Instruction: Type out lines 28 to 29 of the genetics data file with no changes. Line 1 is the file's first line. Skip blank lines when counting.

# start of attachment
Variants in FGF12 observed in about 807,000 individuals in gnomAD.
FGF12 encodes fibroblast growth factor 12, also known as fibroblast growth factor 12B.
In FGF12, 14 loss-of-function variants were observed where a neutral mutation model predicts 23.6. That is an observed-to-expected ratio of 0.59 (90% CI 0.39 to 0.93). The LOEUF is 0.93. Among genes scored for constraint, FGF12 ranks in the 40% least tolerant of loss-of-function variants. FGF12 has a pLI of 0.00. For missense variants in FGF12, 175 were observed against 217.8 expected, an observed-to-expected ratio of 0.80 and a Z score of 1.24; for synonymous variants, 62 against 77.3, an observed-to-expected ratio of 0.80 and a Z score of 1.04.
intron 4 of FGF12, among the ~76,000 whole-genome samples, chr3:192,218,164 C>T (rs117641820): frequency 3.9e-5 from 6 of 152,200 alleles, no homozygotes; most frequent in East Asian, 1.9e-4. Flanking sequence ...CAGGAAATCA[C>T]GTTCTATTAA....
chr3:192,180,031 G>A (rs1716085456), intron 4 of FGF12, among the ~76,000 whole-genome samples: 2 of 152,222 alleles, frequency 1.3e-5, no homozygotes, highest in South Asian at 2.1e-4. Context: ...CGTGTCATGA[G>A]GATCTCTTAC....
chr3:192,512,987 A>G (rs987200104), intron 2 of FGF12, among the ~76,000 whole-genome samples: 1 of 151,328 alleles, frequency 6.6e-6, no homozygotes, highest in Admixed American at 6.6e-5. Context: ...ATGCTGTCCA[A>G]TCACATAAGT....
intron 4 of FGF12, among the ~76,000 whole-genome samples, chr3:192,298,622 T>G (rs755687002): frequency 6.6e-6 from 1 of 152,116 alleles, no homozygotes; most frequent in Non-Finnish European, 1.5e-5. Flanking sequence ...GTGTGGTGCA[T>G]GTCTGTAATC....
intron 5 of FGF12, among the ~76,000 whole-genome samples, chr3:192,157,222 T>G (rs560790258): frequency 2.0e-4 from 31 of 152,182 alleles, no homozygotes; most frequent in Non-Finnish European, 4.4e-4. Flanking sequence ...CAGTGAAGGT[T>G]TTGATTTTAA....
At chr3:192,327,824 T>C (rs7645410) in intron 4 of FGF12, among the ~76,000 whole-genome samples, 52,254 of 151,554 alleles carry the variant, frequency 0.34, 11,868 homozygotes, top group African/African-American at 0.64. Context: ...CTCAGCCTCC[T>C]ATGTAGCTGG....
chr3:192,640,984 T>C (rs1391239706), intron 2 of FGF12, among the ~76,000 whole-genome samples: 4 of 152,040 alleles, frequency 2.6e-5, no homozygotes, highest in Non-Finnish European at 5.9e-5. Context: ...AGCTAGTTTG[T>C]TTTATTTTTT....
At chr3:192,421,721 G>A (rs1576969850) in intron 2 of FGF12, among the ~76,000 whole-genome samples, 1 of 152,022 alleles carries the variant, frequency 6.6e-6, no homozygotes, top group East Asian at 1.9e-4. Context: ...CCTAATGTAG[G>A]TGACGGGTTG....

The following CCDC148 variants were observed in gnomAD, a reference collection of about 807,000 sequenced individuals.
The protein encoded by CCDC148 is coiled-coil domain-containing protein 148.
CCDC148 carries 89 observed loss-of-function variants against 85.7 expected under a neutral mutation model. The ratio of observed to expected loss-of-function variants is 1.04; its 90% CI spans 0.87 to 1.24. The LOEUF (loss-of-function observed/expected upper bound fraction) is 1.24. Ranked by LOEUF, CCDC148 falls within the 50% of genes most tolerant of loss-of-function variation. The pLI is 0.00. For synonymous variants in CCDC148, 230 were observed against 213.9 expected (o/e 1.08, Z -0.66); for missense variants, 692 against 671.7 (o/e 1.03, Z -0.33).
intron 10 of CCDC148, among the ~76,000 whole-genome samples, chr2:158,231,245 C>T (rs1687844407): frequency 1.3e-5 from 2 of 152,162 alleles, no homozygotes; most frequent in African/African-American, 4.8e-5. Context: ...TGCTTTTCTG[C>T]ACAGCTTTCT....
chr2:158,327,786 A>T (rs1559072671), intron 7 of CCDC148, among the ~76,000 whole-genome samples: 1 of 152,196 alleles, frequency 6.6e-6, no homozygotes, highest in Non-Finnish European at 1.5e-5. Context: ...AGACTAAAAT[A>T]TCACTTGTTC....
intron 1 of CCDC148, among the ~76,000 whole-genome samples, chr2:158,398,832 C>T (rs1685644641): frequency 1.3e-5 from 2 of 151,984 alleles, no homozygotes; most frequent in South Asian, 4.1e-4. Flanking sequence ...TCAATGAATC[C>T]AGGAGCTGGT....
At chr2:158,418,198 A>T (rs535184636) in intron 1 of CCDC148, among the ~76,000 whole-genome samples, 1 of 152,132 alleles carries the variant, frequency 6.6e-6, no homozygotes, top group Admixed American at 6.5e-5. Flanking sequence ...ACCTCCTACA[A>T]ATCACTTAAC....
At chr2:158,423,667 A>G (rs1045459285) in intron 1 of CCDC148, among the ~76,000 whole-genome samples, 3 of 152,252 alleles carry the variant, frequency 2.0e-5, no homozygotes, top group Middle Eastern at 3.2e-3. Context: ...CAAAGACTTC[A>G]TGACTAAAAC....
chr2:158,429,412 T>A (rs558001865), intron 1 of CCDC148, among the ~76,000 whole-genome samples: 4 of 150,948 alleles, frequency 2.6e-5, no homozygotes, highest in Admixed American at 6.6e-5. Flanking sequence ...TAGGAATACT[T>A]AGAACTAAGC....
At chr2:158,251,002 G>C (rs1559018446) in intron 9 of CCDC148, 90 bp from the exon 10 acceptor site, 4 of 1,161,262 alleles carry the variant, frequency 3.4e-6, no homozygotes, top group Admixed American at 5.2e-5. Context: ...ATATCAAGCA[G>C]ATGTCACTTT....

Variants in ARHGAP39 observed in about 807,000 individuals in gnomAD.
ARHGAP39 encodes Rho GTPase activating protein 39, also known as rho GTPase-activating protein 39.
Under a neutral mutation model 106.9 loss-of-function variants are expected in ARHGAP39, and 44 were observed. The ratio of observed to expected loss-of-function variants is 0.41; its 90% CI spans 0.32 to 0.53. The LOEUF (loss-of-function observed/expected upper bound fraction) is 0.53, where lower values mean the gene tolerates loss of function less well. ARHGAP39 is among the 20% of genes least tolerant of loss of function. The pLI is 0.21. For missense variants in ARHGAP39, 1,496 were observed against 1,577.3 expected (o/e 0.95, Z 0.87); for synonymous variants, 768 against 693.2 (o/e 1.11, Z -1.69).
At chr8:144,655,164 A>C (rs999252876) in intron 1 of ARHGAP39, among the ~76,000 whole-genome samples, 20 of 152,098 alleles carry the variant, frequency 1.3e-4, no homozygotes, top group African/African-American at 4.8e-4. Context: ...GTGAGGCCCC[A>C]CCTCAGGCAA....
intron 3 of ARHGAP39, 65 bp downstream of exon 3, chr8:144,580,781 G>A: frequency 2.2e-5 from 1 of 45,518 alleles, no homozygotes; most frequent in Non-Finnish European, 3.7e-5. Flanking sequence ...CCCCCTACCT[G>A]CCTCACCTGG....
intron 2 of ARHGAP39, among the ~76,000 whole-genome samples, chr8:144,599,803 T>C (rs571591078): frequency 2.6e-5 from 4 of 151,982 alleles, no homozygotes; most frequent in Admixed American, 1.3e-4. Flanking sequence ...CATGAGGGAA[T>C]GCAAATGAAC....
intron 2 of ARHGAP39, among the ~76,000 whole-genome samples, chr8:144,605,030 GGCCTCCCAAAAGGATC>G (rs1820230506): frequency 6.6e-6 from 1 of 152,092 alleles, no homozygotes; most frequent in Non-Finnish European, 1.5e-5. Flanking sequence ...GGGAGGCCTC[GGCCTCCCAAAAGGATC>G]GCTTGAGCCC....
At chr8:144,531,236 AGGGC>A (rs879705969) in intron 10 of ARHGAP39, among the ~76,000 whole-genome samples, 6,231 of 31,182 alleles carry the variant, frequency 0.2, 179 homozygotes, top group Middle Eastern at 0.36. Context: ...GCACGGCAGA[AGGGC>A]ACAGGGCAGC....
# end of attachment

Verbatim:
intron 2 of ARHGAP39, among the ~76,000 whole-genome samples, chr8:144,605,030 GGCCTCCCAAAAGGATC>G (rs1820230506): frequency 6.6e-6 from 1 of 152,092 alleles, no homozygotes; most frequent in Non-Finnish European, 1.5e-5. Flanking sequence ...GGGAGGCCTC[GGCCTCCCAAAAGGATC>G]GCTTGAGCCC....
At chr8:144,531,236 AGGGC>A (rs879705969) in intron 10 of ARHGAP39, among the ~76,000 whole-genome samples, 6,231 of 31,182 alleles carry the variant, frequency 0.2, 179 homozygotes, top group Middle Eastern at 0.36. Context: ...GCACGGCAGA[AGGGC>A]ACAGGGCAGC....